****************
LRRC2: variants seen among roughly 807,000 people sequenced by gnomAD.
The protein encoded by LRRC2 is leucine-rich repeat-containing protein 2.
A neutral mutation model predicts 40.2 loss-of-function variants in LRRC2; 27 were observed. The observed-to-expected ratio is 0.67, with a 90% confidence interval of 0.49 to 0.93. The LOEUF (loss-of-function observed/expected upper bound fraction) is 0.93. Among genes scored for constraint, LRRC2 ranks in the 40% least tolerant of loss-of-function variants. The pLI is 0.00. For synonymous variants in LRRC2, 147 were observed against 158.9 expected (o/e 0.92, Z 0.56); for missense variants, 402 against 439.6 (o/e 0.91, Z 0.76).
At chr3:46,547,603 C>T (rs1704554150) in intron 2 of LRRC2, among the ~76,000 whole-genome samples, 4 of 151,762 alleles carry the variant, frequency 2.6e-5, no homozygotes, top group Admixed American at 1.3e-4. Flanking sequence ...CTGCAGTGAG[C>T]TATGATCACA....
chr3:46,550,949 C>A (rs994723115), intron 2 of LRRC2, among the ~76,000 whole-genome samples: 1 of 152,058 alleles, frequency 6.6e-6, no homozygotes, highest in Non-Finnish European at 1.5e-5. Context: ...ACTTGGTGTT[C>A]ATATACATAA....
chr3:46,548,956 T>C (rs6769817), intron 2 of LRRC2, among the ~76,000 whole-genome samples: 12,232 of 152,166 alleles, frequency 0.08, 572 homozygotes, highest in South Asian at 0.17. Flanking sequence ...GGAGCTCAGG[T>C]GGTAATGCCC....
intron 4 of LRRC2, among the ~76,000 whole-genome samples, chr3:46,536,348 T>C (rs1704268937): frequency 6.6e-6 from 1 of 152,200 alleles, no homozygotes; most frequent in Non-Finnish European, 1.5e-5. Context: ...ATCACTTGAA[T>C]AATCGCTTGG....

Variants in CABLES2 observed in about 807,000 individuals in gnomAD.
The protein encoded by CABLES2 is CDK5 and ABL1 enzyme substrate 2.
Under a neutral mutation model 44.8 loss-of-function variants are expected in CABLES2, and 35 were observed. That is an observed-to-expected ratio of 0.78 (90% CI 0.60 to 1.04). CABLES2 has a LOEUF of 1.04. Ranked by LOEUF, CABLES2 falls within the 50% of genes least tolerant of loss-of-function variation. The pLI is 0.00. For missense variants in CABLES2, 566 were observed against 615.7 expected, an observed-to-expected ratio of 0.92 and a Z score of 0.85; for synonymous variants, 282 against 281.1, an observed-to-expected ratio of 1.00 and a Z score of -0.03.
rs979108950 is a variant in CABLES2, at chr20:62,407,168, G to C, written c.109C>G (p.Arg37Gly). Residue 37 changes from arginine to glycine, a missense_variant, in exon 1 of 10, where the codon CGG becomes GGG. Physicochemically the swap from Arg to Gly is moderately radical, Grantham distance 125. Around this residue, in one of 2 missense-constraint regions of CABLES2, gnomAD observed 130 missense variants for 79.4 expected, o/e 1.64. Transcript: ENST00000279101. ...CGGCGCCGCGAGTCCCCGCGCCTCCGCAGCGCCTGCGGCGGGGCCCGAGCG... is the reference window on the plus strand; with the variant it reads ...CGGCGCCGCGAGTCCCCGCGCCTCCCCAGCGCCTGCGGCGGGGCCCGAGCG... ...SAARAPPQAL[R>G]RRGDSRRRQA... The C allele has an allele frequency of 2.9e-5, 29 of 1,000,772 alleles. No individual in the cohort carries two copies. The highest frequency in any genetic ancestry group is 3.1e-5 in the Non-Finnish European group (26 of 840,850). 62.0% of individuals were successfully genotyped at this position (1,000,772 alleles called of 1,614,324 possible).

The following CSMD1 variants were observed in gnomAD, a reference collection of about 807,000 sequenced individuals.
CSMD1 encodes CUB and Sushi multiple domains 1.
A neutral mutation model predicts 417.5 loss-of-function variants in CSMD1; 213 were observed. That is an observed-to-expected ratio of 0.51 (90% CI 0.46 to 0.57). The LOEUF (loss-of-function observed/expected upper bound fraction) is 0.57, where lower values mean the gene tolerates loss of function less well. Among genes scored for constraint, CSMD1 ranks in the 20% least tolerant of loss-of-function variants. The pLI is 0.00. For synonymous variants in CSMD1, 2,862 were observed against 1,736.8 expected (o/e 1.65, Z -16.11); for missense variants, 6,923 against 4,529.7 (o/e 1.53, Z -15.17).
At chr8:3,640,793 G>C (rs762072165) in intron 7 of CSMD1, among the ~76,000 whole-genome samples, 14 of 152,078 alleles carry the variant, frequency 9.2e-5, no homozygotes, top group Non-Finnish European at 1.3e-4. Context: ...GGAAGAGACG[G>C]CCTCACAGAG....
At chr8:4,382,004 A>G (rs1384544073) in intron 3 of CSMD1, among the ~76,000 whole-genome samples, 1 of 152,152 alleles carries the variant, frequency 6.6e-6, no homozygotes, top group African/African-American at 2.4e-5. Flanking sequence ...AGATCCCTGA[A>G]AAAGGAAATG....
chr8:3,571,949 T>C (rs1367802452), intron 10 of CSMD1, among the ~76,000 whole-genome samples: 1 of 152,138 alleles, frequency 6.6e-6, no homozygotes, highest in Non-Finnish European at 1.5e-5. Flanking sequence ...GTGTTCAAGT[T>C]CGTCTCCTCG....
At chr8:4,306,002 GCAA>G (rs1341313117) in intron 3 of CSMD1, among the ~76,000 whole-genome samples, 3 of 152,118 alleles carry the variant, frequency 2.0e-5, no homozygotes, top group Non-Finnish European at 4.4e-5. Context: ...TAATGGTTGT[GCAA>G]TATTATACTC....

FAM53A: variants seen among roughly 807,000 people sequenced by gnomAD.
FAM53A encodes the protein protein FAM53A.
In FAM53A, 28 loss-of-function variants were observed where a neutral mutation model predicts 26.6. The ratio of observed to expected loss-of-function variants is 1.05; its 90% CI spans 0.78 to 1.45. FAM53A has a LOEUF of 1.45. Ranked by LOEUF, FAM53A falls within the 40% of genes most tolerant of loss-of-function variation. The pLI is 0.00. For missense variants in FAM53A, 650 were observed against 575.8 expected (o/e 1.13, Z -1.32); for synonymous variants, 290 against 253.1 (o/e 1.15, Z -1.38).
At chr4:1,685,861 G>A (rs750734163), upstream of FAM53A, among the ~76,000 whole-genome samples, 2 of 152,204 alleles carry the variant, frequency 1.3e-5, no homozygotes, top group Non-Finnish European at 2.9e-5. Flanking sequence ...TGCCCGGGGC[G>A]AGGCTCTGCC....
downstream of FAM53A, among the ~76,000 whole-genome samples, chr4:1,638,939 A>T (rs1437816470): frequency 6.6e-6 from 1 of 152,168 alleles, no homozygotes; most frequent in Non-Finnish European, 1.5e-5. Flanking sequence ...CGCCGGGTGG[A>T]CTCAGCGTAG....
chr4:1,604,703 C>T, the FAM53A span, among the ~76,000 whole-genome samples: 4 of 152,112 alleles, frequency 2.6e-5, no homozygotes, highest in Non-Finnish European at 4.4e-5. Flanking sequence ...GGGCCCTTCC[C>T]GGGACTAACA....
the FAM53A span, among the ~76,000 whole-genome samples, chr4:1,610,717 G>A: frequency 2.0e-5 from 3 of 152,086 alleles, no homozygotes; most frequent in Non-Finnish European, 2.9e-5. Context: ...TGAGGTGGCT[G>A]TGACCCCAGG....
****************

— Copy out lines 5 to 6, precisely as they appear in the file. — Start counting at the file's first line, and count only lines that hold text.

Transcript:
chr3:46,550,949 C>A (rs994723115), intron 2 of LRRC2, among the ~76,000 whole-genome samples: 1 of 152,058 alleles, frequency 6.6e-6, no homozygotes, highest in Non-Finnish European at 1.5e-5. Context: ...ACTTGGTGTT[C>A]ATATACATAA....
chr3:46,548,956 T>C (rs6769817), intron 2 of LRRC2, among the ~76,000 whole-genome samples: 12,232 of 152,166 alleles, frequency 0.08, 572 homozygotes, highest in South Asian at 0.17. Flanking sequence ...GGAGCTCAGG[T>C]GGTAATGCCC....